Ehstoday 3710 Philly

Murder For Money

Nov. 26, 2013
I think it’s time that we, as a society, started demanding that employers and contractors who knowingly cause or contribute to deadly workplace incidents automatically be charged with murder or manslaughter.

I think it’s time that we, as a society, started demanding that employers and contractors who knowingly cause or contribute to deadly workplace incidents automatically be charged with murder or manslaughter.

Griffin Campbell is a contractor who was hired to demolish a four-story building in Philadelphia. He agreed to a tight time frame and a flat fee for the work. He also got to salvage any of the materials he wanted from the demolished building.

It appears in order to save money and remove the most valuable materials before they could be damaged in the demolition process, he ordered that support beams and most of the infrastructure supporting the walls be removed first, leading to a catastrophic collapse that killed six people in the building next door and injured 14 others.

Yesterday, Philadelphia District Attorney Seth Williams charged him with six counts of third-degree murder, six counts of manslaughter and a host of other crimes. I was astonished in a good way, because murder charges RARELY are filed in cases like this and it usually falls to a local prosecutor to file them since cases referred by OSHA to the U.S. Department of Justice usually go nowhere.

As a contractor doing this type of work – or even as an average person with a lick of sense – Campbell knew that removing interior support beams without providing any kind of bracing for the outside walls could result in a catastrophic collapse of the building. He also knew or should have known that standard demolition practice for this type of building called for floor-by-floor demolition, not gutting the interior of the building.

Campbell was conducting business with money – not safety – on his mind: the money he would make for finishing the job on time and on budget and through salvaging building materials.

Safety didn’t enter his mind while he was planning the job, placing a bid that caused him to worry that he would not be able to make money AND demolish the building safely. It didn’t enter his mind as his crews and subcontractors, like Kary Roberts (a.k.a. Sean Benschop), were operating heavy equipment around destabilized walls. It didn’t enter his mind when Roberts allegedly showed up for work high on the day of the collapse. (Toxicology tests taken the day of the collapse reported the presence of controlled substances in Robert’s blood.)

It didn’t enter his mind when the architect on the project warned him the day before the collapse that the situation was dire and that he MUST brace the walls of the building immediately. It didn’t enter his mind when he lied to the architect and told him that the walls had been braced. It didn’t enter his mind when the walls collapsed.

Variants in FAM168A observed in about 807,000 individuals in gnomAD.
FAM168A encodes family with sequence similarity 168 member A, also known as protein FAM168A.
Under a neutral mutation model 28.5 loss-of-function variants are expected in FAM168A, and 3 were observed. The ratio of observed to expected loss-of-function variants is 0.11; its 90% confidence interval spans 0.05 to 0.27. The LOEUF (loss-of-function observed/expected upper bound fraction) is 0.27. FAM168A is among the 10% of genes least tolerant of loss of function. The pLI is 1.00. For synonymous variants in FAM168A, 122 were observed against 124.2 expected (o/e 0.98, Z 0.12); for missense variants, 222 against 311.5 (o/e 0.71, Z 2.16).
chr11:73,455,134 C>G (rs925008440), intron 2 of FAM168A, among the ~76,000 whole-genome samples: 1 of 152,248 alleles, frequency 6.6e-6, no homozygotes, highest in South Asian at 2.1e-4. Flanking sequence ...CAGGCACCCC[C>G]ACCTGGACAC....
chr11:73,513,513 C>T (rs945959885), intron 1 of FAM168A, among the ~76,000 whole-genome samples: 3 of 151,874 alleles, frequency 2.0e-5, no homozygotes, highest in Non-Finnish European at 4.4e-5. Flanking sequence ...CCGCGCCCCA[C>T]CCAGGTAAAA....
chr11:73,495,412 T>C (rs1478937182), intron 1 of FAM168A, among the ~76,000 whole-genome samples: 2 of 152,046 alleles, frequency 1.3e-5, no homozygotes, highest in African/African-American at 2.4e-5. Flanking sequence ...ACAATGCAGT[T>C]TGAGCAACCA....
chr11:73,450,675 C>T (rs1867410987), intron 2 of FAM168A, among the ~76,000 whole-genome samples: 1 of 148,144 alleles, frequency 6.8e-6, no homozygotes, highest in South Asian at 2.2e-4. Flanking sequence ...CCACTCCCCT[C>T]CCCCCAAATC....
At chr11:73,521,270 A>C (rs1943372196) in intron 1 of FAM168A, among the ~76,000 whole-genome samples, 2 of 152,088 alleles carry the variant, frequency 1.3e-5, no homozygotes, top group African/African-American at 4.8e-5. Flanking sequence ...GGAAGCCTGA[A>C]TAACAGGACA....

Roberts knowingly operated in an unsafe manner and in doing so, sacrificed the lives of six victims. The same could be said of BP and its contractors in the Deepwater Horizon incident or the Texas City incident. Yes, the company paid multimillion and even billion dollar fines for those deadly incidents, but no one at the top – the “deciders” – went to prison despite dozens of deaths and evidence that systemic failures and poor (a.k.a. profit- and cost-focused) decision-making starting at the very top of the corporate foodchain contributed to those deaths.

What about the West, Texas explosion that killed 14 and injured 160? This sounds so simple as to be stupid, but safe facilities following industry best practices and OSHA and EPA regulations that have well-trained workers don’t blow up.

What about the Upper Big Branch mining disaster that killed 29 miners? Some former Massey Energy employees were convicted of criminal activity in that case and have gone to prison. But the big fish, former CEO Don Blankenship, was never charged with a crime. He knew that in the five years before the explosion at the mine, MSHA issued a total of 1,342 safety violations for the mine, proposing $1.89 million in fines. We know Blankenship knew about these violations because he contested them and kept them tied up in court thanks to loopholes in MSHA regulations. He knew his mine was unsafe, and he didn’t care and so far, no one has made him care.

It's been proved, time and time again for certain companies, that large OSHA and EPA fines are not a deterent to condoning unsafe work practices and creating unsafe workplaces. If they were, we'd never see companies receiving repeat violations. Maybe jail time for those responsible would be a deterent.

I hope that this Philadelphia case sets a precedent for the entire country. The year is 2013. It's time that employers no longer consider deaths or injuries (or, for that matter, OSHA, MSHA or EPA fines) as part of the cost of doing business.

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